Moorish Idol

Moorish Idol, Zanclus cornutus

The Moorish Idol, Zanclus cornutus, whose common Spanish name is ídolo moro, is a member of the Moorish Idol or Zanclidae Family, known as ídolos moros in Mexico. The Moorish Idol is the sole global member of the genus Zanclus and the sole global member of the Zanclidae Family. It is found on a limited basis in Mexican waters of both the Atlantic and the Pacific.

The Moorish Idols have deep, strongly compressed, disc-shaped bodies. Males and females cannot be separated visually. A key to identification is their elongated whip-like dorsal spine, the philomantis extension. They are distinctively colored being white anteriorly and yellow posteriorly and having two broad vertical black bars, the first being wide and covering the head and the second located at the rear of the body and covering the anal and dorsal fins. Their dorsal fin filament is white. Their head has a long protruding tubular snout with short horn-like projections above the eyes. Their eyes are set high on the head and they have a small terminal mouth equipped with long bristle-like teeth. Their snout is black with an orange-bordered saddle and their caudal fin is black with a white margin. Their anal fin is triangular with 3 spines and 31 to 37 rays; their caudal fin is concave; their dorsal fin is sickle-shaped with 6x or seven dramatically elongated spines and 39 to 43 rays; and their pectoral fin has extended rays.

The Moorish Idols are found over hard bottom structures including shallow water reef flats and rocky and coral areas from the surface to depths up to 590 feet. They reach a maximum length of 30 cm (12 inches). They travel in small groups or in large schools of greater than 100 individuals. They have a preference for water temperatures between 25oC (75oF) and 28oC (82oF). They are highly selective omnivores and feed on algae, sponges, and other invertebrates. During the night, they attach themselves to the bottom and change to a drab color. Their long streamer, the philomantis extension, is believed to a deterrent to predators. They are preyed upon by Moray Eels. Reproduction is not well understood but involves the release of pelagic eggs with external fertilization. Males become aggressive while breeding. They have an exceedingly long pelagic larval stage, which contributes to the wide distribution of this species. Larvae become very long and transition rapidly into excellent swimmers that are found on the surface for an extended period of time before transitioning to the reef environment. They have a lifespan of up to four years.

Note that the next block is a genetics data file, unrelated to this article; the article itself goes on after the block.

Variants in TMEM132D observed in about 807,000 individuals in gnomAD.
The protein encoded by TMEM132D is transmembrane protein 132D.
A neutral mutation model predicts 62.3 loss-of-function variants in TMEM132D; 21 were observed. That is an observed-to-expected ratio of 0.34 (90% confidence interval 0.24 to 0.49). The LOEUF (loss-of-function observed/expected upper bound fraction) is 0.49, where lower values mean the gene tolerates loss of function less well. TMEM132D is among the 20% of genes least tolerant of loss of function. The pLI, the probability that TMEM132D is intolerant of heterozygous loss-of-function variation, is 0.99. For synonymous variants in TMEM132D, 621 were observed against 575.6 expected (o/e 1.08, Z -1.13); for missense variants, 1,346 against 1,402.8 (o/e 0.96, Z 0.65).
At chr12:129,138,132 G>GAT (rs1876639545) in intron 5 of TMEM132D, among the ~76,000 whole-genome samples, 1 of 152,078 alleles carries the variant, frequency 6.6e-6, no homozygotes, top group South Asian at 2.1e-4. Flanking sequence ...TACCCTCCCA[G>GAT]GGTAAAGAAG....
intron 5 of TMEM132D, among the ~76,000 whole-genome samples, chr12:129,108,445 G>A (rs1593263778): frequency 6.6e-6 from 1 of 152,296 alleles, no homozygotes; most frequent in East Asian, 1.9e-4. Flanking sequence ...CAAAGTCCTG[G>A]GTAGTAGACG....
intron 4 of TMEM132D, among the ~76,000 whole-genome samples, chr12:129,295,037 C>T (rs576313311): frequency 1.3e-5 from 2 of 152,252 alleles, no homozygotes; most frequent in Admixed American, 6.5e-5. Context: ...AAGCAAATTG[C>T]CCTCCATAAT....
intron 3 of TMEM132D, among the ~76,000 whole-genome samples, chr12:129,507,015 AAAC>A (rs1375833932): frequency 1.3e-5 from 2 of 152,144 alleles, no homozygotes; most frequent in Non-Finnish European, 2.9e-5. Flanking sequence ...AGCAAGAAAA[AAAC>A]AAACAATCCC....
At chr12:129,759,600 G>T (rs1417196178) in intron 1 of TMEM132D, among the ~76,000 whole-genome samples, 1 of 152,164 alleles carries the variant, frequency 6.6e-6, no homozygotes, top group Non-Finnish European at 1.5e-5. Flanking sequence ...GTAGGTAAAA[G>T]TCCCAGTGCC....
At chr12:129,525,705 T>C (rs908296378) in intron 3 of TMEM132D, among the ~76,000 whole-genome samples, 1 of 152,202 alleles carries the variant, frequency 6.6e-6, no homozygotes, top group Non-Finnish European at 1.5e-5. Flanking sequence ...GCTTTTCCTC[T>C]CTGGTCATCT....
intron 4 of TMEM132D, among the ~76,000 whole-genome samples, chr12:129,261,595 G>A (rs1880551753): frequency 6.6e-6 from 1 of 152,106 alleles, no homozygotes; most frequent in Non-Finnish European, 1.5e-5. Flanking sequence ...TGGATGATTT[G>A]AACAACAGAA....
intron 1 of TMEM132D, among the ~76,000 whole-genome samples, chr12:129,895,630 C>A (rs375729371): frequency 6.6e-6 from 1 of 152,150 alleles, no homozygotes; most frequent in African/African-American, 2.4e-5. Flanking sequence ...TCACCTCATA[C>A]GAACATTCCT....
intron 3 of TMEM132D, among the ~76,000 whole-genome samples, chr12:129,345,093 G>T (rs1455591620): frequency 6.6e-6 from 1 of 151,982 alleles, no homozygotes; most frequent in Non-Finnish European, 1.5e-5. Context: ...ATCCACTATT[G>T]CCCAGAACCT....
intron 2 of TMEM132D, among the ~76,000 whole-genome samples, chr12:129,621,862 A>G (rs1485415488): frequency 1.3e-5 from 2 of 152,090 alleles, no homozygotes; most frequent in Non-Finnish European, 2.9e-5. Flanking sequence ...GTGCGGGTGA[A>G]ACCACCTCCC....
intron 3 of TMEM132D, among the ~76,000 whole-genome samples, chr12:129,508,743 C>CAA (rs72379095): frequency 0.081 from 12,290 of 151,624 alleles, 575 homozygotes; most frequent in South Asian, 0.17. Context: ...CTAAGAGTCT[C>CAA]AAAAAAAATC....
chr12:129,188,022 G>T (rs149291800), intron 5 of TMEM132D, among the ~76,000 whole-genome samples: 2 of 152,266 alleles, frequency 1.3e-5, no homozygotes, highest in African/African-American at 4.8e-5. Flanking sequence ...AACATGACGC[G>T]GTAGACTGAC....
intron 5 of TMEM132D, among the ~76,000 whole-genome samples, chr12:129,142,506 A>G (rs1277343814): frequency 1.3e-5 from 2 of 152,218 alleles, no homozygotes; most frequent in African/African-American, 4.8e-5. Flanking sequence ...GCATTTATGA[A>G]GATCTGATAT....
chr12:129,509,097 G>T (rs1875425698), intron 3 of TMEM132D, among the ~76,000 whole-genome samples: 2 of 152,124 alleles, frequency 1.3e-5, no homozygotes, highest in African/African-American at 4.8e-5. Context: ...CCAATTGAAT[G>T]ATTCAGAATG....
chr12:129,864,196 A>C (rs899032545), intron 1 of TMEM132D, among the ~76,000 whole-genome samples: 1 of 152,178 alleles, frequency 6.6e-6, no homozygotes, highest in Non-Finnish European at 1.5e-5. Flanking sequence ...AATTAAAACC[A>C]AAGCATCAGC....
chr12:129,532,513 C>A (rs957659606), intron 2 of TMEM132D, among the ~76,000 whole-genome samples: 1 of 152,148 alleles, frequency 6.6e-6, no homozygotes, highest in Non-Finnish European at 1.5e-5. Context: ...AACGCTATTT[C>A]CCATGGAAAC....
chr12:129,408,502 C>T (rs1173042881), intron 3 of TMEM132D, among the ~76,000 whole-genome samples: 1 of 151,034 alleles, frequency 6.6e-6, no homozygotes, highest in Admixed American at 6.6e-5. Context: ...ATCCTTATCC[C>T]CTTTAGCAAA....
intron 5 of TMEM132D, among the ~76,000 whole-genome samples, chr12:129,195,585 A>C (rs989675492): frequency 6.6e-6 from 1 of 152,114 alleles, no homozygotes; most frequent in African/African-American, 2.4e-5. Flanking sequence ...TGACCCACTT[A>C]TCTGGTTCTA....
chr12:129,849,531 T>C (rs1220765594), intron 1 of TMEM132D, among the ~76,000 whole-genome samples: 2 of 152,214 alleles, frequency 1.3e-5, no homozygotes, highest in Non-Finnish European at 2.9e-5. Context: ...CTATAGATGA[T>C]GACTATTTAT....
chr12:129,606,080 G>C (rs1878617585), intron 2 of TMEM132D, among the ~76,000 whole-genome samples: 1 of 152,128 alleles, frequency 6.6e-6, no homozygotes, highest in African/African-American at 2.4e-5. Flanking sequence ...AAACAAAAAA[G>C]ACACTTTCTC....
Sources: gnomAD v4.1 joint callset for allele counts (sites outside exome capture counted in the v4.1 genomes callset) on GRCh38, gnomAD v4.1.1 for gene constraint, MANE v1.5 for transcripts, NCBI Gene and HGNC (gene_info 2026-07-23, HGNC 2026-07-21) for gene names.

The Moorish Idols are widespread in the Indo-Pacific and tropical Eastern Pacific and are now expanding into other areas, which has been attributed to aquarium releases. In Mexican waters they have a limited distribution and are found along the southeast coast of Baja and from Mazatlán south along the coast of the mainland to Guatemala. The collections photographed below extend the range into the southwest tip of the Baja in the Pacific to at least 40 miles north.

The Moorish Idol is similar in appearance to several of the butterflyfish, including the Scythe Butterflyfish, Prognathodes falcifer, however, the butterflyfish lack the triangular anal fin and the philomantis extension of the dorsal fin.

The Moorish Idols are retained for human consumption by subsistence fishermen on a limited basis. They are primarily used as a popular pet in home aquariums with increased interest since the release of the movie Finding Nemo with a Moorish Idol named Gill being one of Nemo’s tank mates and of the movie Finding Dory with a Moorish Idol as an Easter egg. They are very active and very colorful, however, they are exceedingly difficult to raise and maintain requiring very large tanks and being very finicky eaters. In smaller aquariums they become highly aggressive and do not survive. They have been banned from importation into many European countries. The Moorish Idol is a direct descendant of the extinct Eozanclus brevirostris, which dates to the Eocene Period, 56 million to 34 million years ago.

Moorish Idol, Zanclus cornutus. Fish provided by the commercial fishermen of the greater Los Cabos area, Baja California Sur, March 2010. Length: 10.5 cm (4.1 inches). Note that the philomantis extension of the dorsal fin is black which is atypical of Zanclus cornutus and indicative that this might document the existence of at least two sub-species. Identification courtesy of H.J. Walker, Jr., Scripps Institution of Oceanography, La Jolla, CA.

Moorish Idol, Zanclus cornutus. Fish provided by the commercial fishermen of the greater Los Cabos area, Baja California Sur, May 2012. Length: 11.5 cm (4.5 inches).

Moorish Idol, Zanclus cornutus. Underwater photo taken in coastal waters off Kailua-Kona, HI, April  2015. Length: 20 cm (7.9 inches). Photo courtesy of Bob Hillis, Ivins, UT.  Note the traditional white philomantis extension versus the black philomantis extension in the first two fish presented above.  Personally I see these as documentation of the existance of two subspecies of Zanclus cornutus.